Harvard University’s Hutchins Center for African & African American Research to bestow honor on Oct. 11
October 5, 2018
Rensselaer Polytechnic Institute President Shirley Ann Jackson, a recipient of the National Medal of Science, will be among eight recipients of the W.E.B. Du Bois Medal at the sixth annual Hutchins Center Honors presented by the Hutchins Center for African & African American Research at Harvard University. She will be joined by athlete and activist Colin Kaepernick; comedian Dave Chappelle; Kenneth I. Chenault, chairman and managing director of General Catalyst; philanthropist and founder of Avid Partners, LLC, Pamela J. Joyner; psychologist and author Florence C. Ladd; Bryan Stevenson, founder and executive director of the Equal Justice Initiative and the National Memorial for Peace and Justice; and artist Kehinde Wiley. The ceremony will take place on Thursday, Oct. 11, 2018, at 4 p.m. in Sanders Theatre, Memorial Hall, 45 Quincy St., Cambridge, Mass.
The medal honors those who have made significant contributions to African and African American history and culture, and more broadly, individuals who advocate for intercultural understanding and human rights in an increasingly global and interconnected world.
Shirley Ann Jackson is president of Rensselaer Polytechnic Institute, the first technological research university in the United States. Described by Time magazine as “perhaps the ultimate role model for women in science,” Jackson has held senior leadership positions in academia, government, industry, and research. A theoretical physicist, Jackson holds an S.B. in Physics and a Ph.D. in Theoretical Elementary Particle Physics, both from Massachusetts Institute Technology. She also holds 53 honorary degrees.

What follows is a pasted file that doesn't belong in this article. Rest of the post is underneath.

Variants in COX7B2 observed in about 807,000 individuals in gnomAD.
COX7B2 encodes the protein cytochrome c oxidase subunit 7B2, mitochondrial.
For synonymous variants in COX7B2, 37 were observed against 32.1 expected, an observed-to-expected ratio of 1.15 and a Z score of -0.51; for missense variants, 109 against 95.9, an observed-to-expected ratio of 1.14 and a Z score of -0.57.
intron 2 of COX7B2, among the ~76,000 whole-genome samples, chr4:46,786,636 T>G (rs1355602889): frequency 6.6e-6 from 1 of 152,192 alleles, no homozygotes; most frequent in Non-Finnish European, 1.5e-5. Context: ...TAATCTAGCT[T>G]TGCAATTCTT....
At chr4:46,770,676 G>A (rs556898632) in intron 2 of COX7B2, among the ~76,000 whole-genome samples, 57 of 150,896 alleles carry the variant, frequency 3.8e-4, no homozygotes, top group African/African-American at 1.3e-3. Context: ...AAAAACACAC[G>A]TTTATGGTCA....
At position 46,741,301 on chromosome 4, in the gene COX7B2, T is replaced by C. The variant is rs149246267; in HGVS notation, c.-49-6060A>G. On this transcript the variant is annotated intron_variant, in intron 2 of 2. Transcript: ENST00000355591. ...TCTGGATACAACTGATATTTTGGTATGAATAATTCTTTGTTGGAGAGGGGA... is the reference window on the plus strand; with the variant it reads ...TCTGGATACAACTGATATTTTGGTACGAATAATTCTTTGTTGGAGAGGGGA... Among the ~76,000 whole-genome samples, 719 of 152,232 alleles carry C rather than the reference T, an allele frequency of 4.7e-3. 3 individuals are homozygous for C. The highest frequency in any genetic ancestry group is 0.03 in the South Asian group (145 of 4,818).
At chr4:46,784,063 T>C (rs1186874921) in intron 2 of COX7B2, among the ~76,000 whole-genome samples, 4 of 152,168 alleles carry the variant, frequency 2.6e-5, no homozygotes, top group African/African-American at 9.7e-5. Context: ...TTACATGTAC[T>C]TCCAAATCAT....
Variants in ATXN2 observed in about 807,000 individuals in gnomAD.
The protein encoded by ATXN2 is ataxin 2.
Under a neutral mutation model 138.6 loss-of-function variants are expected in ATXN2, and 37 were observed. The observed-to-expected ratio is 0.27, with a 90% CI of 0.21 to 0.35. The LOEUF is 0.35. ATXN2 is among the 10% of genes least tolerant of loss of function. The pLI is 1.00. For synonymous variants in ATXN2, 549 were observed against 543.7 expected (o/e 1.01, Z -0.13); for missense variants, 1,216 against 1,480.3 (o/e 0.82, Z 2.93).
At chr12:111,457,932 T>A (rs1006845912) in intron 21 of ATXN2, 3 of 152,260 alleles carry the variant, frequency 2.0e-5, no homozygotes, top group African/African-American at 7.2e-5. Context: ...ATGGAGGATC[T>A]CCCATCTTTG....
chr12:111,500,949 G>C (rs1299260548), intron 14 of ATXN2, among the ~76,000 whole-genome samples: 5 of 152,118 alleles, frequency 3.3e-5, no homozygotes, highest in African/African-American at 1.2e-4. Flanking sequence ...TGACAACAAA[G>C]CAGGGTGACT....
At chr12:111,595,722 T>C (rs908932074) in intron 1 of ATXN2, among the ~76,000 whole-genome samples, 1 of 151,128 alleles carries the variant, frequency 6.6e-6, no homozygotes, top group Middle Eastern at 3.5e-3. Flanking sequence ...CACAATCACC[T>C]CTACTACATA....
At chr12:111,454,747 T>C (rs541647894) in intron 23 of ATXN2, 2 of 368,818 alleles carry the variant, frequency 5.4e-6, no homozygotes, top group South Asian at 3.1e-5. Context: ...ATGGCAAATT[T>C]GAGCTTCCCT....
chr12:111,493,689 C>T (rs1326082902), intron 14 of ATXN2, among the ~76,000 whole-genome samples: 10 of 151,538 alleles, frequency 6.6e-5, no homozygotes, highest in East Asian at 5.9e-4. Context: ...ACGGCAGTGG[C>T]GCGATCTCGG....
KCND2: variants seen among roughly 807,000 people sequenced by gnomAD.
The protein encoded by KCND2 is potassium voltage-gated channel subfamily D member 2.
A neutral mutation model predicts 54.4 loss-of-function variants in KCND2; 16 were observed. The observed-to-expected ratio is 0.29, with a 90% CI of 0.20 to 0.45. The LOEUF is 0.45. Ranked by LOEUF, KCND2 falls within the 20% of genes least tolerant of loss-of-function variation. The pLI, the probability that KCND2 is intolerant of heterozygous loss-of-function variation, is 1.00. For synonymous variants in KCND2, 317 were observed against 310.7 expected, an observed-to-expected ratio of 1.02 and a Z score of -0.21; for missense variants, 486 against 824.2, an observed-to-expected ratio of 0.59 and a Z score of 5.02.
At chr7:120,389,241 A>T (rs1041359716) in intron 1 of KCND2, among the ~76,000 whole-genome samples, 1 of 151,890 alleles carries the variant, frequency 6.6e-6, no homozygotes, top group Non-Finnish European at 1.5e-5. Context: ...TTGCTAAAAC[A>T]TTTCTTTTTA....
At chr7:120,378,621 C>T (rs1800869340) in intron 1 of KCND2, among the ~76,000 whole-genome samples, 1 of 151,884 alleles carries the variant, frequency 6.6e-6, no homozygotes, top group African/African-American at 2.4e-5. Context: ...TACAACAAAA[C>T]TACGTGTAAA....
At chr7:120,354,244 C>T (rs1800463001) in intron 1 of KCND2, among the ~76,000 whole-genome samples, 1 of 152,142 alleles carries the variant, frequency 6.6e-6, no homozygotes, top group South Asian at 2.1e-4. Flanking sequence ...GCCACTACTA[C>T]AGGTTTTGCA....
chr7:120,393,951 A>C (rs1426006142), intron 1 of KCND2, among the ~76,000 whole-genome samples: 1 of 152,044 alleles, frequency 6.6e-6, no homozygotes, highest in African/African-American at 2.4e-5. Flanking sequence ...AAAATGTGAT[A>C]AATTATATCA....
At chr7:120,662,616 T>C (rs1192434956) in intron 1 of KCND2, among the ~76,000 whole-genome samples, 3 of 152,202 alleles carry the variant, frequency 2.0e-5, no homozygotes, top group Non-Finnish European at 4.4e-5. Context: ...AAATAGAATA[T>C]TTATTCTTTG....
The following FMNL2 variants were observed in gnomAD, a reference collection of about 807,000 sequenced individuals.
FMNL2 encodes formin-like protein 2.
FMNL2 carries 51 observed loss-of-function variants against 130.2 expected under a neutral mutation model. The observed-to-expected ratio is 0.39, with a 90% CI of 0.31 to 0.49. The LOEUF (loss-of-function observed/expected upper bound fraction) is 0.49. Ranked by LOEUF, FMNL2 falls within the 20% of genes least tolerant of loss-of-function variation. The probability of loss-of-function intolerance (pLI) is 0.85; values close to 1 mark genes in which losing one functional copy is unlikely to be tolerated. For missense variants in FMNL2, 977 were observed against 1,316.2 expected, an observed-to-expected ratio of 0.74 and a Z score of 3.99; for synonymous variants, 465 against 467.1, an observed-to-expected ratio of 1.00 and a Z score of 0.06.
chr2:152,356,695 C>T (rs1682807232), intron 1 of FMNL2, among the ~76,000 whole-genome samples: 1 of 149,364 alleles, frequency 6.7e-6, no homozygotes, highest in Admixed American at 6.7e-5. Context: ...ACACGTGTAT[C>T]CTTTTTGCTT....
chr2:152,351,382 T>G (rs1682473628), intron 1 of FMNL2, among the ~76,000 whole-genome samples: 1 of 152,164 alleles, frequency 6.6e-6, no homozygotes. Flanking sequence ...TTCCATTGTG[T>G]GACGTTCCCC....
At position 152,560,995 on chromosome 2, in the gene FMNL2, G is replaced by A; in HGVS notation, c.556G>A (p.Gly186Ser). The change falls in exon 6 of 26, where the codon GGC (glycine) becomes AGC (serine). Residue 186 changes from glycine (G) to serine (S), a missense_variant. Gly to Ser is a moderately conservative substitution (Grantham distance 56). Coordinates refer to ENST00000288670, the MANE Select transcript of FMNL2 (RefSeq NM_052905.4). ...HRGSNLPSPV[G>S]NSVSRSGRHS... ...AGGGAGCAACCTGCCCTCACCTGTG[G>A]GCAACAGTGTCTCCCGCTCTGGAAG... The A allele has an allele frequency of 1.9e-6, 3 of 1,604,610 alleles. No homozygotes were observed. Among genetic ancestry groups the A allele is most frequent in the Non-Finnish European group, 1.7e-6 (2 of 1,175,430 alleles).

In September 2014, President Barack Obama appointed Jackson co-chair of the President’s Intelligence Advisory Board, where she served until January 2017, and in 2016 he awarded her the National Medal of Science. She also served on the U.S. Secretary of State International Security Advisory Board, 2011-2017, and the U.S. Secretary of Energy Advisory Board, 2013-2017. From 2009 to 2014, Jackson served on the President’s Council of Advisors on Science and Technology (PCAST), and, as part of PCAST, was co-chair of the President’s Innovation and Technology Advisory Committee.
Before taking the helm at Rensselaer, Jackson was chair of the U.S. Nuclear Regulatory Commission, 1995-1999. During her tenure at the NRC, she spearheaded the formation of the International Nuclear Regulators Association, and served as its chair, 1997-1999.
Comedian, actor and producer David Chappelle may be best known for his comedy show on Comedy Central (Chappelle’s Show) and, more recently, for his comedy specials on Netflix, but he has also had a career in acting and producing. He has appeared in several movies, including Robin Hood: Men in Tights, The Nutty Professor, Con Air, and Undercover Brother. He can be seen now in the 2018 film A Star Is Born, with Bradley Cooper and Lady Gaga.